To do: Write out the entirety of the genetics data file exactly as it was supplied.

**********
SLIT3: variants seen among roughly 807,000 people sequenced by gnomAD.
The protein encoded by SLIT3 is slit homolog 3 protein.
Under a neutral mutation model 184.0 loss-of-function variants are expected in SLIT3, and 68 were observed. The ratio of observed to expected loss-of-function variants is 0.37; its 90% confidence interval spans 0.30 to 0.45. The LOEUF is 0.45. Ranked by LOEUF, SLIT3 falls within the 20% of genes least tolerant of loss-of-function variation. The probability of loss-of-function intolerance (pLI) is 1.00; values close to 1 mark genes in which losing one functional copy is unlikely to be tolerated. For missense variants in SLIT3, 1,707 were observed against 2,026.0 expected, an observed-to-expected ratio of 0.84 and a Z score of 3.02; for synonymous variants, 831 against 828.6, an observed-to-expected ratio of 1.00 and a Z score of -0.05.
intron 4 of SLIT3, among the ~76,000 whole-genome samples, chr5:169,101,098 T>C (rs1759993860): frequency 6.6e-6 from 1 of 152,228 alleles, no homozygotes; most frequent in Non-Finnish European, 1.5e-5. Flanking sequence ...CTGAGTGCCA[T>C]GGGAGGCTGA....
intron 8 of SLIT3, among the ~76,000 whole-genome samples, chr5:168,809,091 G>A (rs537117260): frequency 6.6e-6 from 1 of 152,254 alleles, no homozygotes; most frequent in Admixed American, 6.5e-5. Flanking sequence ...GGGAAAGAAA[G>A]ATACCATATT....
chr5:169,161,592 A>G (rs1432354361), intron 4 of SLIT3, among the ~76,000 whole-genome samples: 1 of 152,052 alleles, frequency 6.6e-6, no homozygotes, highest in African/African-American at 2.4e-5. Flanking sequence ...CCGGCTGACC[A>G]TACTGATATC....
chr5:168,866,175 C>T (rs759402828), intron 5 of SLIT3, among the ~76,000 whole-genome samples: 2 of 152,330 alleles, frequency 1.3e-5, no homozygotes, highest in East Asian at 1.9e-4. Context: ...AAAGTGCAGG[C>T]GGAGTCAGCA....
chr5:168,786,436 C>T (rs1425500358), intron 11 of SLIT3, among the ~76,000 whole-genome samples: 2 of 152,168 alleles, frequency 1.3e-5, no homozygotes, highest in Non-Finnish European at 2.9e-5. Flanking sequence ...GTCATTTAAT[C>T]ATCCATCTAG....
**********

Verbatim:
SLIT3: variants seen among roughly 807,000 people sequenced by gnomAD.
The protein encoded by SLIT3 is slit homolog 3 protein.
Under a neutral mutation model 184.0 loss-of-function variants are expected in SLIT3, and 68 were observed. The ratio of observed to expected loss-of-function variants is 0.37; its 90% confidence interval spans 0.30 to 0.45. The LOEUF is 0.45. Ranked by LOEUF, SLIT3 falls within the 20% of genes least tolerant of loss-of-function variation. The probability of loss-of-function intolerance (pLI) is 1.00; values close to 1 mark genes in which losing one functional copy is unlikely to be tolerated. For missense variants in SLIT3, 1,707 were observed against 2,026.0 expected, an observed-to-expected ratio of 0.84 and a Z score of 3.02; for synonymous variants, 831 against 828.6, an observed-to-expected ratio of 1.00 and a Z score of -0.05.
intron 4 of SLIT3, among the ~76,000 whole-genome samples, chr5:169,101,098 T>C (rs1759993860): frequency 6.6e-6 from 1 of 152,228 alleles, no homozygotes; most frequent in Non-Finnish European, 1.5e-5. Flanking sequence ...CTGAGTGCCA[T>C]GGGAGGCTGA....
intron 8 of SLIT3, among the ~76,000 whole-genome samples, chr5:168,809,091 G>A (rs537117260): frequency 6.6e-6 from 1 of 152,254 alleles, no homozygotes; most frequent in Admixed American, 6.5e-5. Flanking sequence ...GGGAAAGAAA[G>A]ATACCATATT....
chr5:169,161,592 A>G (rs1432354361), intron 4 of SLIT3, among the ~76,000 whole-genome samples: 1 of 152,052 alleles, frequency 6.6e-6, no homozygotes, highest in African/African-American at 2.4e-5. Flanking sequence ...CCGGCTGACC[A>G]TACTGATATC....
chr5:168,866,175 C>T (rs759402828), intron 5 of SLIT3, among the ~76,000 whole-genome samples: 2 of 152,330 alleles, frequency 1.3e-5, no homozygotes, highest in East Asian at 1.9e-4. Context: ...AAAGTGCAGG[C>T]GGAGTCAGCA....
chr5:168,786,436 C>T (rs1425500358), intron 11 of SLIT3, among the ~76,000 whole-genome samples: 2 of 152,168 alleles, frequency 1.3e-5, no homozygotes, highest in Non-Finnish European at 2.9e-5. Flanking sequence ...GTCATTTAAT[C>T]ATCCATCTAG....